NEW YORK -- The Mets began the season without their shortstop, their center fielder and their first baseman.
Then they told everyone how important it was that they get off to a good start. More than that, they gave everyone the impression that their manager's job security depended on getting off to a good start.
New York Mets
Recap: Mets 6, Cubs 1
No, it doesn't make any sense. But as one Mets-connected person told me when I tried to make sense of it, "Hey, it's the Mets. You can't use logic."
So when the Mets tell you that they're calling up 23-year-old Ike Davis two weeks into the season, the first thought is that they're panicking after a 4-8 start. And when the Mets tell you that they don't need Davis to be a savior, your first thought is no, that's exactly what the Mets are asking Davis to be.
And if you think that makes no sense, you need to remember: It's the Mets. You can't use logic.
Sunday night, the Mets made sure everyone knew that Davis was about to be promoted. And yet they didn't tell Davis himself until after batting practice Monday in Buffalo, making sure that 1) he had to rush to New York for his first game, Monday night at Citi Field against the Cubs, and 2) there was no way his parents could make the trip from the West Coast to see him play.
Not that big a deal, perhaps, but still, it makes no sense. Except: It's the Mets. You can't use logic.
|Ike Davis is forced to travel with extreme short notice before getting a single in his debut at-bat with the New York Mets. (AP)|
This is a team where Reyes (still playing himself into shape after missing most of spring training) can announce that he's "not ready" to hit third, even though he's ready to lead off.
As it turned out, Reyes wasn't ready to bat anywhere in the Mets lineup for Davis' Monday night debut, pronouncing himself "a little tired." Manuel, meanwhile, promised that Tuesday will be "the beginning of [Reyes] beginning to take off."
It's all a little nuts, starting with the idea that this undermanned Mets team should be playing a whole lot better than it has been. As one realistic Mets person admitted Monday, the team the Mets have put on the field for the first two weeks of the 2010 season is "similar to 2009 -- but they're playing with more fire."
There was a little fire Monday, at least enough to push the Mets past the truly disappointing Cubs, 6-1 (with Davis contributing two of the nine hits and one seventh-inning RBI).
The fire may not be enough to keep Manuel from getting fired, especially if the Citi Field crowds remain as small as it was on Monday. The talk shows and some of the newspaper columns are already calling for the Mets to replace Manuel with Bobby Valentine, and no team in baseball worries more about talk shows and columnists than the Mets do.
Ownership put Manuel (and general manager Omar Minaya) on notice after last season, supposedly giving Manuel a reprieve because they understood how much last year's team was hurt by injuries. And yet, when injuries forced Manuel to use an opening day lineup so weak that Alex Cora was leading off and Mike Jacobs was batting cleanup, the Mets spread the word that a fast start was mandatory.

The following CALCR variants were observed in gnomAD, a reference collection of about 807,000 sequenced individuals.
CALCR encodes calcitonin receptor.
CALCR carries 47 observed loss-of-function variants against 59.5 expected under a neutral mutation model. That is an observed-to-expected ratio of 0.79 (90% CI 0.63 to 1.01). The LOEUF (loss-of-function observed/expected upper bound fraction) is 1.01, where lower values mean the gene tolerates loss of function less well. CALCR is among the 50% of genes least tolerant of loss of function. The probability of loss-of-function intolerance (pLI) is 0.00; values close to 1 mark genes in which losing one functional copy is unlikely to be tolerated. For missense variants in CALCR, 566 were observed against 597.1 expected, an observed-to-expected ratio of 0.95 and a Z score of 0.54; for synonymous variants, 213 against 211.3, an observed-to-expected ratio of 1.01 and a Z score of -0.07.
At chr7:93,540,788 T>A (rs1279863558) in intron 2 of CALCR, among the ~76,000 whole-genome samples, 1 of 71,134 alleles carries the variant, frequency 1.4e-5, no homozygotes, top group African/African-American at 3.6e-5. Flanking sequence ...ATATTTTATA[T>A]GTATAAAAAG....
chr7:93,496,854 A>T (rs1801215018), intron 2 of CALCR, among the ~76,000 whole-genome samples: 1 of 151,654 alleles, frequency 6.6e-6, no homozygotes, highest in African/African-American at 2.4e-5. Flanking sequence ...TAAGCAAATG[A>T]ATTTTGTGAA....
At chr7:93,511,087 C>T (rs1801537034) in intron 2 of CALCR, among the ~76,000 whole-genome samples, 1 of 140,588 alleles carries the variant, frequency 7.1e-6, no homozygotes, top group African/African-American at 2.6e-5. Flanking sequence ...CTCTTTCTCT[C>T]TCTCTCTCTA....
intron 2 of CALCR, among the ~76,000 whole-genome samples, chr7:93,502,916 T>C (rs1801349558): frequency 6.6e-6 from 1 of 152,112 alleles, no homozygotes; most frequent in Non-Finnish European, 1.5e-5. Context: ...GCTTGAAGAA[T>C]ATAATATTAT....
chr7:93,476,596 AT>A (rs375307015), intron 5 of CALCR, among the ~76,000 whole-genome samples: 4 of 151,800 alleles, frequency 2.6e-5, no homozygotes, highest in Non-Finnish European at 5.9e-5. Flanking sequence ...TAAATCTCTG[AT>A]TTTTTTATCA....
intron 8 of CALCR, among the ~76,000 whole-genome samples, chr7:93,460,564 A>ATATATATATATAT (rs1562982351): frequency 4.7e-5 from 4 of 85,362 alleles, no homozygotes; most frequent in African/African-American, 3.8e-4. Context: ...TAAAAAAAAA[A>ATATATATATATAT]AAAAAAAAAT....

No wonder that, with Mets first basemen combining for a .143 batting average, with one home run and three RBI in 12 games, Manuel admits that he lobbied to get Davis called up.
"When you hear a guy down there is hitting tape-measure shots, you kind of put a hint in," Manuel said, adding that the hint was, "I need a little help."
Davis should provide the Mets with a little help, even if it's not as much as a fan base frustrated by the success of the Yankees and Phillies is hoping for. Scouts who have seen him play don't put him anywhere near the Jason Heyward category -- Baseball America calls him the third-best first-base prospect in the NL East (behind Florida's Logan Morrison and Atlanta's Freddie Freeman) -- but he is expected to be a good big league player.
Even if he doesn't hit right away, he'll at the very least be a defensive improvement over the Jacobs/Fernando Tatis platoon. And with the barely mobile Luis Castillo playing second base, the Mets could use a first baseman who can catch the ball.
The Mets aren't really sure Davis is ready for this, which is one reason they had him begin the season in Buffalo rather than New York. The other reason is that when the season began, they thought that Daniel Murphy's stay on the disabled list might be rather short.
Now, two weeks later, they know that the Jacobs/Tatis platoon wasn't working. They know that Murphy has just begun what Minaya called "limited baseball activity," and is still weeks away from returning.
So even if the decision to have Davis begin the season in the minors made sense, it's reasonable to say that the decision to promote him now makes sense, too.
"I didn't think we'd see him this soon," one Mets player said Monday. "But I'm glad he's here."
So, of course, is Manuel.
"I don't see him necessarily as the savior of the deal," Manuel said. "I think we have to be careful about having too high expectations right away. It's difficult for us to ask him to come in and we get on his back and ride him."
No, that wouldn't make sense, any more than it made sense for the Mets to demand that their manager ride this group of players to a quick start this season.
It doesn't make sense, but it's the Mets.
Don't use logic.